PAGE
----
MDC grasslands offer summer visitors varied vistas

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Kansas City
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Kansas City, Mo. – What a prairie shows a visitor varies according to seasons, weather and how grassland acres are managed. The variety is an attraction for people who enjoy wildflowers, birds, and butterflies. What’s blooming changes from the bright-red Indian paintbrush of spring through the autumn’s yellow sunflowers. Native warm season grasses barely sprouting from the ground after a prescribed burn in early spring may be head high by mid-summer.

June is a good month to visit prairies. Perhaps butterflies are visiting coneflowers in bloom or quail are calling at sunrise. For those who need an extra excuse, June 3 is National Prairie Day. The Missouri Prairie Foundation registered the first Saturday in June as an observance on the National Day Calendar.

But actually, any day is a good day to visit a prairie, and the Missouri Department of Conservation (MDC) maintains some of the state’s best public prairies. Less than one tenth of one percent of the state’s original prairies remain as unplowed remnants. But they hold hundreds of native plant species that support insects, birds and other wildlife. White-tailed deer and wild turkey utilize prairie. But so do monarch butterflies and the regal fritillary butterfly, a species of conservation concern.

Some notable public prairies open for visitors include:

  • Wah’Kon-Tah Prairie Conservation Area north of El Dorado Springs. The 3,000-acre area has unplowed prairie remnants and areas under restoration with native grasses and wildflowers. Large portions of the area are owned by The Nature Conservancy of Missouri and managed by MDC.
  • Osage Prairie Conservation Area south of Nevada. A 1,545-acre area which includes a high-quality prairie natural area.
  • Pawnee Prairie Conservation Area north of Bethany. This area has 300-acres of unplowed prairie. Wildflowers are abundant in mid-summer. This area is also near The Nature Conservancy’s Dunn Ranch, a partner with MDC in prairie preservation and restoration in the Grand River Grasslands.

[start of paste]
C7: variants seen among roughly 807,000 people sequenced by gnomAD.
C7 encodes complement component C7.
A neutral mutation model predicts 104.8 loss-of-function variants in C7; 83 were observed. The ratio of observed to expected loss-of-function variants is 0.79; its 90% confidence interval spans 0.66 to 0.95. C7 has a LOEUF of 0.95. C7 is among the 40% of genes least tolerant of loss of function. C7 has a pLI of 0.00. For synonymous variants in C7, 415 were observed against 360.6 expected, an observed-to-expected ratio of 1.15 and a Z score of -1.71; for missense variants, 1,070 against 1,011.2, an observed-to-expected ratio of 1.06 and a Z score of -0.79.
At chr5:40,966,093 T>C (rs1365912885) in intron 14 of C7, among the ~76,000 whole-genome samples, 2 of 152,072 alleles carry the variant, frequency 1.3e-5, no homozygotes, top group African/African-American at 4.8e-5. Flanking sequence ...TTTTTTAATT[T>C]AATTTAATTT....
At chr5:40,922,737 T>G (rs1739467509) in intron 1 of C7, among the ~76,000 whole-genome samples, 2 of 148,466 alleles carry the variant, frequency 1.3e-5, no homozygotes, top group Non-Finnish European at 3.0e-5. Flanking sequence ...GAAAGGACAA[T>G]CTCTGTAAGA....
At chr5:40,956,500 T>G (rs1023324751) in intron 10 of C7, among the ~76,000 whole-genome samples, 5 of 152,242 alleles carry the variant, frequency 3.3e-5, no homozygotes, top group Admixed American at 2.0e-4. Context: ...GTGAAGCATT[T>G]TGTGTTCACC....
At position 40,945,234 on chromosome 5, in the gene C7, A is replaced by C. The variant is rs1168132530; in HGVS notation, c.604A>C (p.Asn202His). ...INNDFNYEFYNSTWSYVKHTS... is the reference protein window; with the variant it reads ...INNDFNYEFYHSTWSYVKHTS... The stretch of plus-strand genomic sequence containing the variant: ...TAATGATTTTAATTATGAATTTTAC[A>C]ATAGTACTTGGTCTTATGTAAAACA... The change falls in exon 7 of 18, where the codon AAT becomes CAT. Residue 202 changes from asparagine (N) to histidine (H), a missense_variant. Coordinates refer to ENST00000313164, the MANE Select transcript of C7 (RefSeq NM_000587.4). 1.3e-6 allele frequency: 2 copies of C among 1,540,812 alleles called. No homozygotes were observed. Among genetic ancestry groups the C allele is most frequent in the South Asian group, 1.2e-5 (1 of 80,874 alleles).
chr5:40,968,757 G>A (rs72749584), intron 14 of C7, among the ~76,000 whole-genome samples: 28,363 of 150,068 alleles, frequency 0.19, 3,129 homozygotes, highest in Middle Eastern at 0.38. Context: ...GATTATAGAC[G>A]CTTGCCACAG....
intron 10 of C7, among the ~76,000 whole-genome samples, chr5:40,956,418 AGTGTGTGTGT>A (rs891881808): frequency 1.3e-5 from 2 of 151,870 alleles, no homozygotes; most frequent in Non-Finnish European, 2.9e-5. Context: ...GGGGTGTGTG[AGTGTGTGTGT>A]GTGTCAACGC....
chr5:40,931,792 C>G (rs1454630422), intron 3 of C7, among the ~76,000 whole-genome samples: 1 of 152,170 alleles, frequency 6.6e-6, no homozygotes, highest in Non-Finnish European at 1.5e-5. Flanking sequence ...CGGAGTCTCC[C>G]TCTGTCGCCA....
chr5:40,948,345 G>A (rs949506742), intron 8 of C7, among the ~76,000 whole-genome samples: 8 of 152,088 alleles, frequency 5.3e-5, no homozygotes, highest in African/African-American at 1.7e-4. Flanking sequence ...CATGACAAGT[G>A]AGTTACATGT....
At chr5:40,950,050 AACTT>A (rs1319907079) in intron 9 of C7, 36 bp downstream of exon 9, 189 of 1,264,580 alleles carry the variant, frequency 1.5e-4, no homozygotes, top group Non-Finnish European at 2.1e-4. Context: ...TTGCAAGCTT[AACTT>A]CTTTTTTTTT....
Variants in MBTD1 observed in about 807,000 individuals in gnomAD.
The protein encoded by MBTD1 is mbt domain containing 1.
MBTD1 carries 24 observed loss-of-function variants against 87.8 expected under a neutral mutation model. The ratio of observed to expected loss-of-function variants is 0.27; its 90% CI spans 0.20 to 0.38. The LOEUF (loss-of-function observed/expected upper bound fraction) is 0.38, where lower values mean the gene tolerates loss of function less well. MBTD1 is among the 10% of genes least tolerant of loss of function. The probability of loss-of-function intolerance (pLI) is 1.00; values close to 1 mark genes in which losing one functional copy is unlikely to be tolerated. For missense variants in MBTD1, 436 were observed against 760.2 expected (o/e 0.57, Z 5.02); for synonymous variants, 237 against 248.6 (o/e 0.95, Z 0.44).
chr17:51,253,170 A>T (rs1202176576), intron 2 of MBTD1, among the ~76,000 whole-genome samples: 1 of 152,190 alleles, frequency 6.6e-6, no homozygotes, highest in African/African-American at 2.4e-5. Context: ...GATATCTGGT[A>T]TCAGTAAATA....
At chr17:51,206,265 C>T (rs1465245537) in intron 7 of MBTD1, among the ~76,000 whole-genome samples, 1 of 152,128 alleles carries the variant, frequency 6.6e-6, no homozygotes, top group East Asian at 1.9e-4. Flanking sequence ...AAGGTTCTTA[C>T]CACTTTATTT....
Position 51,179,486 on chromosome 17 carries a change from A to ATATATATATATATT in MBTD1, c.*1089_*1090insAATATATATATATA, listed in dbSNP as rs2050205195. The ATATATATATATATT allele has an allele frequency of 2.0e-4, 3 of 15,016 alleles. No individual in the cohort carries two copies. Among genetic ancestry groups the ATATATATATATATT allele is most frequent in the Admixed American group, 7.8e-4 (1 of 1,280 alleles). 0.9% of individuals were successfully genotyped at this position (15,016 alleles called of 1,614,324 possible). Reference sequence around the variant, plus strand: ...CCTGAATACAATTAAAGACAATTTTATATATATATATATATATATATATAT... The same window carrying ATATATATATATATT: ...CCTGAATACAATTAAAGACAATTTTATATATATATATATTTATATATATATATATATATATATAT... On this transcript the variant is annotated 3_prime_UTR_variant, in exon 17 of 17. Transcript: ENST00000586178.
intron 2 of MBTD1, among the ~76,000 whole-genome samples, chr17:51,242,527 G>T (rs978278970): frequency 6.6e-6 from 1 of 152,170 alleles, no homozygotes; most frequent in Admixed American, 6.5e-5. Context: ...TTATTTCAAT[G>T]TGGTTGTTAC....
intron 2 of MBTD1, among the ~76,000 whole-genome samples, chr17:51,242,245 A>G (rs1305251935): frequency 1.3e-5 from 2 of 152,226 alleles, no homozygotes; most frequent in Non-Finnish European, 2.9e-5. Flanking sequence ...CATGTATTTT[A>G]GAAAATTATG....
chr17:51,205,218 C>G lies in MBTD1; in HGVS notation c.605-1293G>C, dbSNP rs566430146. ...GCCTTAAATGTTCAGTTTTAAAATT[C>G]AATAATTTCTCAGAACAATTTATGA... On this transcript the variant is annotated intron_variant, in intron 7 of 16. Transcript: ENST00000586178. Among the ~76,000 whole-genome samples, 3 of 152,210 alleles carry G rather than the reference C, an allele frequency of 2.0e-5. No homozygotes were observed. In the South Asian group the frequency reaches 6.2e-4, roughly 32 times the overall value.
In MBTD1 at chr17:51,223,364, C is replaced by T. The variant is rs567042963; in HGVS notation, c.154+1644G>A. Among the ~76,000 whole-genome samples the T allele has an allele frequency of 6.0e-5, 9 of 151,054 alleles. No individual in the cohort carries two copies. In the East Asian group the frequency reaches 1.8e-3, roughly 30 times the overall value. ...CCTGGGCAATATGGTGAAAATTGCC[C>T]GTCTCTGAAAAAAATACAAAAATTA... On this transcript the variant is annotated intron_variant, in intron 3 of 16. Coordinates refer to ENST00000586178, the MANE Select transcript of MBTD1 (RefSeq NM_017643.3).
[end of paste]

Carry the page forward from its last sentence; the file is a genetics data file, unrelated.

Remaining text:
• Paint Brush Prairie Conservation Area south of Sedalia. This 314-acre area is easily accessed off U.S. 65. The area includes a 74-acre natural area rich in wildflowers and grasses. Several other MDC-managed grasslands are in the vicinity such as Friendly Prairie and Grandfather Prairie.

Most prairie areas do not have marked hiking trails. But they do have service or farm roads that can serve as trails. Check out maps on the MDC website for parking lots, roads and the location of high-quality prairie acres designated as Missouri Natural Areas.

Walking in a prairie is not always easy, especially as vegetation continues to grow through summer. Dress for the outdoors, take water and snacks. Insect repellant is handy, ticks like the prairie as much as they do the forest. Don’t forget cameras and binoculars.

What a visitor sees on a prairie will depend on the history of management on the land. MDC uses management practices such as prescribed fire, haying and grazing to maintain prairies. How a prairie looks one year might be different the next, and weather is a factor. Regardless, prairies change week to week in the growing season.

MDC manages many prairies or conservation areas with open woodlands throughout the state. To learn more about Missouri’s grasslands, or to find a prairie near you, visit